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  #16  
Old 05-30-2019, 08:36 AM
truckjohn

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That's a sweet rig. Very nice.

What did you find with the Marlin factory barrels that made them "uncertain"?
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  #17  
Old 05-30-2019, 03:52 PM
jfleisc

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Originally Posted by truckjohn View Post
That's a sweet rig. Very nice.

What did you find with the Marlin factory barrels that made them "uncertain"?
IMO, unless you have a rig that can really lock down a gun to a concrete bench at the range it is difficult to quantitatively measure (before and after) re-chambering on an otherwise stock 22. If you're going to go with a whole bunch of improvements (and see an obvious increase in accuracy) how can you say how much effect the re-chamber alone did.
Also, shortening (to rechamber) the barrel will change the harmonics which may better (or worse) suit your chosen ammunition.
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  #18  
Old 05-30-2019, 04:49 PM
truckjohn

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Ok. I thought you had run into some problems with the factory barrels like sloppy internal finishes, inconsistent diameters, wear, pitting, and the like.

I did a rough measurement of my factory chamber on my XT-22 - it's approximately 0.8" long from the mouth to the beginning of the rifling. That seems really long. The carbon ring that forms is *way* back from the rifling... Interestingly - the leade stays quite clean even when many shots with dirty ammo leaves a prominent crud ring.

But - is this good or bad? I suppose it could be good because the rifling itself doesn't really experience fouling.... BUT if it allows the bullet to tilt sideways a bit prior to engaging the rifling - it could be bad....
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  #19  
Old 05-30-2019, 07:02 PM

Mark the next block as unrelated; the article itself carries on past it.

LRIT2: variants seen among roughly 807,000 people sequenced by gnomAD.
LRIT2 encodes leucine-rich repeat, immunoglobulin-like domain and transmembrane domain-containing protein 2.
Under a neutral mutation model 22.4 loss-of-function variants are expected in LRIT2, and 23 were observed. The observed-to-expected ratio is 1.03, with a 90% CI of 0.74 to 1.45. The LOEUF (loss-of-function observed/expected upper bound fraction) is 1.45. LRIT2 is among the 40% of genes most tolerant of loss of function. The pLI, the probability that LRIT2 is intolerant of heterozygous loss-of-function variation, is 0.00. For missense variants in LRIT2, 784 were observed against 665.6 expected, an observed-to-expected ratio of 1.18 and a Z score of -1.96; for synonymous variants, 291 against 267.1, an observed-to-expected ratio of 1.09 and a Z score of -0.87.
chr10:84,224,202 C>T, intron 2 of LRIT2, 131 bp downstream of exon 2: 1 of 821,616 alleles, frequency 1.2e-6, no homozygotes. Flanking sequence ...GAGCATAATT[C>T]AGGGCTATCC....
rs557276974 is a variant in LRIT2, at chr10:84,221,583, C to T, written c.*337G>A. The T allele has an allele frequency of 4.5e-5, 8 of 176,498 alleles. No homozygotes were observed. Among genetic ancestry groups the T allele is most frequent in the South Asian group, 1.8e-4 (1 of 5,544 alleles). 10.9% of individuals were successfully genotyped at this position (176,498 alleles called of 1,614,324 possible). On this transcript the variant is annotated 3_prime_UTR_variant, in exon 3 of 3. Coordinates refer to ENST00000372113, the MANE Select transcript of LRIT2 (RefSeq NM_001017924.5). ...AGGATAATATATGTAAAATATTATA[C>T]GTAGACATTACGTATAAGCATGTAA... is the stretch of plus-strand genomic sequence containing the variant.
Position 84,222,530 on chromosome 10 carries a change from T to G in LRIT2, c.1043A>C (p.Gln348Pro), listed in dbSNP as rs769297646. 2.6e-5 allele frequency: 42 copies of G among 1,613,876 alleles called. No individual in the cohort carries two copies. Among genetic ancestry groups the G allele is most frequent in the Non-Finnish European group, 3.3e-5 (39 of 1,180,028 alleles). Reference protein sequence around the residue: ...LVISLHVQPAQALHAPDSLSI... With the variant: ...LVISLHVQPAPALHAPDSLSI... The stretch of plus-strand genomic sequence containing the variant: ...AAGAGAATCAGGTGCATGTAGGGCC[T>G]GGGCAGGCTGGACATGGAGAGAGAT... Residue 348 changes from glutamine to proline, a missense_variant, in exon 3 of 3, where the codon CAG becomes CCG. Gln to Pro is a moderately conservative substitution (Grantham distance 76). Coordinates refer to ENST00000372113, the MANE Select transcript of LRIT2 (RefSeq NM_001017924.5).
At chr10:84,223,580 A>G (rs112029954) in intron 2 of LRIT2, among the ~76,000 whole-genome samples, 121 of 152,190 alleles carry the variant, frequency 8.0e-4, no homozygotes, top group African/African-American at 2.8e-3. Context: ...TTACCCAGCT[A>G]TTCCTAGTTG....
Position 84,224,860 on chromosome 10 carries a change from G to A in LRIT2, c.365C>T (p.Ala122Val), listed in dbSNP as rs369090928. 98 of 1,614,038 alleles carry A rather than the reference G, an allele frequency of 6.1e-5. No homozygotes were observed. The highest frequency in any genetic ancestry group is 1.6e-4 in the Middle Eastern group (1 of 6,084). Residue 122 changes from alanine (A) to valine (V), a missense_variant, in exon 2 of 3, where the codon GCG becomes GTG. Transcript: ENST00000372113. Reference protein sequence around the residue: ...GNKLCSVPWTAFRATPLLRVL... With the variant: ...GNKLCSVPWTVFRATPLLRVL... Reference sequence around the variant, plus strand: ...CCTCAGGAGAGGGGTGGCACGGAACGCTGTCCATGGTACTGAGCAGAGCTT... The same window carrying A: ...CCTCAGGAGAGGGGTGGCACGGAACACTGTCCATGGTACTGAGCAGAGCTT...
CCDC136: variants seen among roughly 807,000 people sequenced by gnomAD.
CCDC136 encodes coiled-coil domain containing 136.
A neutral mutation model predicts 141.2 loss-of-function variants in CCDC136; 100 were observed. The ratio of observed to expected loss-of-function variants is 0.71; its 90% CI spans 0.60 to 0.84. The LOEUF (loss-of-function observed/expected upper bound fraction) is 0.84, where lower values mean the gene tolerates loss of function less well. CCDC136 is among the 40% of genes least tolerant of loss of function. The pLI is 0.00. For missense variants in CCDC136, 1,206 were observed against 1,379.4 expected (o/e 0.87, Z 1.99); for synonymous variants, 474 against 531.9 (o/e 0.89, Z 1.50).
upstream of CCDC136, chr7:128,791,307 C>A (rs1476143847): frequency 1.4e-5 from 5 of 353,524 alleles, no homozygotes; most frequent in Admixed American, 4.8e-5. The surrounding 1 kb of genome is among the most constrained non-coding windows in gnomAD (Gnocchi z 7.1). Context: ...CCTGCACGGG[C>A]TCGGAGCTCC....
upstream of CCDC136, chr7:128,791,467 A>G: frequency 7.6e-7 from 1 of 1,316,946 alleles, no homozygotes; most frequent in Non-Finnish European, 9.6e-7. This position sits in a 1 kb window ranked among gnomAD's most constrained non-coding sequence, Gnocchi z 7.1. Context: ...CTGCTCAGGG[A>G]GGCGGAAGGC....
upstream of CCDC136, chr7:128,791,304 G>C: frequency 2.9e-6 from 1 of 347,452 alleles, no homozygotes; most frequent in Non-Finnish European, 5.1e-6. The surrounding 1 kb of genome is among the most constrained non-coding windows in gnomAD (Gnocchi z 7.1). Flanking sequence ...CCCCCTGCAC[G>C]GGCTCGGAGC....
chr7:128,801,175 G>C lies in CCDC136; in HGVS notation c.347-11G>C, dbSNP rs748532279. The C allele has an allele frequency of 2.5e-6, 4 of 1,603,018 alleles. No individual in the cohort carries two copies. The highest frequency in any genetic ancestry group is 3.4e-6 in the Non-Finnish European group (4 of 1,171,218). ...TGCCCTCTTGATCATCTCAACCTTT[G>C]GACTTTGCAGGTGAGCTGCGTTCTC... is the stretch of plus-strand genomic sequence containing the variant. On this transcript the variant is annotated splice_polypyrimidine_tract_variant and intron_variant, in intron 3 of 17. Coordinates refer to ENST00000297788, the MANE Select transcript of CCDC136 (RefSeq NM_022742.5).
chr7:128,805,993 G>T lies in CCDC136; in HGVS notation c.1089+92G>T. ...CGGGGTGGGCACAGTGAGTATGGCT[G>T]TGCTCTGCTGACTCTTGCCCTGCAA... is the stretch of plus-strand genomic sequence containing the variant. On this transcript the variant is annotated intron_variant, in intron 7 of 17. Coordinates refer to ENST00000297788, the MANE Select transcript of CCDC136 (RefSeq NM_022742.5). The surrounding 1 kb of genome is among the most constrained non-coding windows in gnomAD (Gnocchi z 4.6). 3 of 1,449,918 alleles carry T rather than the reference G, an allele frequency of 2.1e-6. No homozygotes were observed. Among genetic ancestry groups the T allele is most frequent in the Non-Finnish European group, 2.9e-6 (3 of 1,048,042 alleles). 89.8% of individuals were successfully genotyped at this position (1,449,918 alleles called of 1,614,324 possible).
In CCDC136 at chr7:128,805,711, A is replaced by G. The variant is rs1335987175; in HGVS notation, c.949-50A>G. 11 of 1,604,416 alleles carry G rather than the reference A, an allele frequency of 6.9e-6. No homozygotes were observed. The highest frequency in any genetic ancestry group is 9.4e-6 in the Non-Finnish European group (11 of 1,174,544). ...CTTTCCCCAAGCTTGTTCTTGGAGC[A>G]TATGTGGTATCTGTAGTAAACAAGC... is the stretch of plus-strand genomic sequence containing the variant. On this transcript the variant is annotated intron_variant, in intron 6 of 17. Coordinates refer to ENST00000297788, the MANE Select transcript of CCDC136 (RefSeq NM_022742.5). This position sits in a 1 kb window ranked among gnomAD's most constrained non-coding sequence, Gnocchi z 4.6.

jfleisc

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Originally Posted by truckjohn View Post
Ok. I thought you had run into some problems with the factory barrels like sloppy internal finishes, inconsistent diameters, wear, pitting, and the like.

I did a rough measurement of my factory chamber on my XT-22 - it's approximately 0.8" long from the mouth to the beginning of the rifling. That seems really long. The carbon ring that forms is *way* back from the rifling... Interestingly - the leade stays quite clean even when many shots with dirty ammo leaves a prominent crud ring.

But - is this good or bad? I suppose it could be good because the rifling itself doesn't really experience fouling.... BUT if it allows the bullet to tilt sideways a bit prior to engaging the rifling - it could be bad....
Agreed; 'it could be bad'. That said I just helped a friend set up his tuner on an older Remington target rifle and even though it seemed remarkably accurate (for a 2 pound trigger) it seemed to have a very loose chamber. On the other hand I only use sub sonic match grade ammo that is usually "dripping" with lubricant and never seems to foul the chamber. In fact I rarely clean it during competition season because it always shoots worse until I get a good 15 rounds through it. Go figure.
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  #20  
Old 06-02-2019, 07:44 PM
truckjohn

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So I recently tracked down an accuracy issue where the barrel was over-lubing with several high quality ammo's. These are all expensive greasy and oily stuff like Eley, Wolf, SK, RWS, etc.

I am really curious whether this is an issue with Marlin microgroove barrels or if it's simply because the chamber is a mile long... My suspicion is that it's just the long chamber.

I haven't heard specifically of this - but I have heard a lot of people comment that plain Marlin microgroove barrels don't really shoot that well with the expensive ammo.... I have read a ton of comments that go along the lines of "Well, it doesn't really shoot any better with the so called match ammo than it does with stuff like CCI SV".... That's sort of what my barrel did - it would give me a glimpse of a teeny groups, then it would fall off to 2-3 moa or so....